Graduation Year


Document Type

Campus Only Senior Thesis

Degree Name

Bachelor of Arts


Politics and International Relations

Reader 1

Mark Golub

Reader 2

Tom Kim

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Rights Information

2019 Eden Rose Niles


This essay examines the development of immigration policy in the United States through a re-invoking of the early restrictions on the acquisition and scope of citizenship rights as well as freedom of movement of Black people living and brought into the nation to perform slave labor. Reading cases such as Dred Scott v. Sandford and laws such as the Fugitive Slave Act of 1850 as foundational to the regulation of immigration and immigrants, I contend that the logic of perpetual alienation continues to manifest in the construction of immigration policy today. This shift away from focus on the sovereignty of a nation regarding its borders to the forms of social control which produce racialized subjects unsuitable for assimilation allows for an analysis of interior enforcement practices as critical to the maintenance of white supremacy. By understanding how immigration policy works to figure subjects within the nation as well as without into the category of foreign alien, this essay provides new insight into how the material forces of anti-blackness must be addressed as critical to the success of current campaigns to end the tenuous positionality of the non-white immigrant in the United States.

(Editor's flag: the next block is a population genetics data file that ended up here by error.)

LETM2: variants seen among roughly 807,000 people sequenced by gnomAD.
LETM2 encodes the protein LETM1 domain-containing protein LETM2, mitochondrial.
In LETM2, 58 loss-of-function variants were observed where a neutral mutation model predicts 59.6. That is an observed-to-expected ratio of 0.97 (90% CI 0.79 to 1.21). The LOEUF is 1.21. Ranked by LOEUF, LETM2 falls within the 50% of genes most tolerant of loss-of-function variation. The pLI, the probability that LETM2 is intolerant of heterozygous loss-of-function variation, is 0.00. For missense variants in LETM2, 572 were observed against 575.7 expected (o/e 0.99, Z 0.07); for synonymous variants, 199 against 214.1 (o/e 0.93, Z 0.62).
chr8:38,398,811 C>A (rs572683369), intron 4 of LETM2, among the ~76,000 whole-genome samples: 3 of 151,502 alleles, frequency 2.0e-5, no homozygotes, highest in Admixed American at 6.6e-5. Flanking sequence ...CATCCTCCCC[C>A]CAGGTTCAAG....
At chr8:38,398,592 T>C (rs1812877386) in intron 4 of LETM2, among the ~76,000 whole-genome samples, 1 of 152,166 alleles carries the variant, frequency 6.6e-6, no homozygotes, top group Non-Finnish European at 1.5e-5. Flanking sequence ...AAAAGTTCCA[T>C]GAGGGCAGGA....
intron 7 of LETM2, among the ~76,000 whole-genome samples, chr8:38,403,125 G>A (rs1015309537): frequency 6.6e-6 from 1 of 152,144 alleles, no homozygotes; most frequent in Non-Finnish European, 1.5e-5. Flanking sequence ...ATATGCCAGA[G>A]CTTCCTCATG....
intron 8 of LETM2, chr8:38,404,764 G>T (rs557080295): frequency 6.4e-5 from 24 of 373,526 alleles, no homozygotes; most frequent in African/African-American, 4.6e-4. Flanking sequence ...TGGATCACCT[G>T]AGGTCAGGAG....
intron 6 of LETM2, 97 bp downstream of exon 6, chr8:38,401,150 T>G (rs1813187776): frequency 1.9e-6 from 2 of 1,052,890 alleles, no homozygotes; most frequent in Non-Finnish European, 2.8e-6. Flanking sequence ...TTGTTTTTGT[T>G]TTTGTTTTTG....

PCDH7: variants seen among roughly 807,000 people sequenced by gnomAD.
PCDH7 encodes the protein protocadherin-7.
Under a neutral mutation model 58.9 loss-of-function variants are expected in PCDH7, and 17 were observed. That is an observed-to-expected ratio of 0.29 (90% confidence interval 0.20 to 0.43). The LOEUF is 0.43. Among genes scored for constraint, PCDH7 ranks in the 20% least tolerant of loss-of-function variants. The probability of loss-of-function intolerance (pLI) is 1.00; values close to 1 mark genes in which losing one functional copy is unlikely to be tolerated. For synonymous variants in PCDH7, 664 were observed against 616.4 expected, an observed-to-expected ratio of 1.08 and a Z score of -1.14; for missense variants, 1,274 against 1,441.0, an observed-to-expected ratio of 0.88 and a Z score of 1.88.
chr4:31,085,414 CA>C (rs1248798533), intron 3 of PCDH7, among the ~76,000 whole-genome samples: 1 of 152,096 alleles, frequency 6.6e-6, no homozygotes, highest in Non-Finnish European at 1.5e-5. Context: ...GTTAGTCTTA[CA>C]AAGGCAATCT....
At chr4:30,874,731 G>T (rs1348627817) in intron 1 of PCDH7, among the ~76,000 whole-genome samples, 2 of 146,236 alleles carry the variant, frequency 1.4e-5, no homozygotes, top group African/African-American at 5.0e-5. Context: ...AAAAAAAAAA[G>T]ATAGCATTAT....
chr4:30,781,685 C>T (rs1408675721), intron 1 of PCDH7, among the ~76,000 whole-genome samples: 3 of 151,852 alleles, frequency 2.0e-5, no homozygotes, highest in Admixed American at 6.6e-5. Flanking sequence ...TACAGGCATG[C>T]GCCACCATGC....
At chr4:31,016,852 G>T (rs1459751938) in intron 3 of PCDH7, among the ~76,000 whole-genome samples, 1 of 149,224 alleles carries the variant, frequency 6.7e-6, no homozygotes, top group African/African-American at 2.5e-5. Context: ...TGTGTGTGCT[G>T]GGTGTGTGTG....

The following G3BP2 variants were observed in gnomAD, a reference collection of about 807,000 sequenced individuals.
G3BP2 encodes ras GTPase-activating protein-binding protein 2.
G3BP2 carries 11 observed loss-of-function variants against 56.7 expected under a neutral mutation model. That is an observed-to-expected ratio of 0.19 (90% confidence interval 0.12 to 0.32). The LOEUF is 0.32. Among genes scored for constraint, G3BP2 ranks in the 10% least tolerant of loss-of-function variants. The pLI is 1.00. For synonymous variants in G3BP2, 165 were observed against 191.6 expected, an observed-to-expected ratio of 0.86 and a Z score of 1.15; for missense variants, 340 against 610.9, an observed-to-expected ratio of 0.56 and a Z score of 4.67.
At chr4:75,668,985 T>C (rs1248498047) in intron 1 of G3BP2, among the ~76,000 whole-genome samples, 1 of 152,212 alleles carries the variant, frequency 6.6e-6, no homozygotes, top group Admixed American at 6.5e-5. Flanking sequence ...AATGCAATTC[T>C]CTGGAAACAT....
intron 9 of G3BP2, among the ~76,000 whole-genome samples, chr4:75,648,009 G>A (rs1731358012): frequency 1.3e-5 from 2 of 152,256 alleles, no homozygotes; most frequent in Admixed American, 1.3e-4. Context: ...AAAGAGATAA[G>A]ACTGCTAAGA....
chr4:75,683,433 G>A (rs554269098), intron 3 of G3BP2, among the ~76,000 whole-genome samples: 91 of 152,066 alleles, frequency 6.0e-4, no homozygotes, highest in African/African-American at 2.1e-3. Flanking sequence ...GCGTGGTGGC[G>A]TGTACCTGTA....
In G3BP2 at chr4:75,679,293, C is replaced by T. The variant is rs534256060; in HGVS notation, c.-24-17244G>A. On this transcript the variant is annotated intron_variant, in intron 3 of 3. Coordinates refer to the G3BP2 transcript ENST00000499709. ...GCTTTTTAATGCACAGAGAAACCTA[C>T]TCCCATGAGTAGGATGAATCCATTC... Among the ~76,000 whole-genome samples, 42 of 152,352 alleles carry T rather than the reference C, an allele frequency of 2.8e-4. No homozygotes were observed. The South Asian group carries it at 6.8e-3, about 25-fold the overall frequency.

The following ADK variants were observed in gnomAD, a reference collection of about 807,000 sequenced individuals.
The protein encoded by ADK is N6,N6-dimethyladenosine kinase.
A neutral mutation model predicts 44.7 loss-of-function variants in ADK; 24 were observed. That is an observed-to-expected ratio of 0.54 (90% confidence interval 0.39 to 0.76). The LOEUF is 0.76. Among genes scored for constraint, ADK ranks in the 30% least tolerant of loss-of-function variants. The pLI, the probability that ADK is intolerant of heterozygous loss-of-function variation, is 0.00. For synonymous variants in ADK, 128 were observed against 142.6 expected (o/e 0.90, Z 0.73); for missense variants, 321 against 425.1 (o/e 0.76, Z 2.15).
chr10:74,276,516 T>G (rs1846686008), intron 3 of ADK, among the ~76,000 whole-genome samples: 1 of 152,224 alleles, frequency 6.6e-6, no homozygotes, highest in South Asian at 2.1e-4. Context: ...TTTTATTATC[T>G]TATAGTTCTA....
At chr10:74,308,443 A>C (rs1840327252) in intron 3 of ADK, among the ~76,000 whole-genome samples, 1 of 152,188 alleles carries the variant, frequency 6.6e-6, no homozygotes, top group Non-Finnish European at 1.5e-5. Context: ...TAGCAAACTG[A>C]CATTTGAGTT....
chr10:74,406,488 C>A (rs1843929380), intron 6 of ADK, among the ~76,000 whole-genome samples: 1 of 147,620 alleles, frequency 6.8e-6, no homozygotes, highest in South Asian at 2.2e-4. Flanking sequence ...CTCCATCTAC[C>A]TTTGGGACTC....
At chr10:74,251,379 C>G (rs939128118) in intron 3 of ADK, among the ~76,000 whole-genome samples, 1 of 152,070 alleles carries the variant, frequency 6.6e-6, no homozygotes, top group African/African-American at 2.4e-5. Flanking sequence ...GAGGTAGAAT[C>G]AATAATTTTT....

This thesis is restricted to the Claremont Colleges current faculty, students, and staff.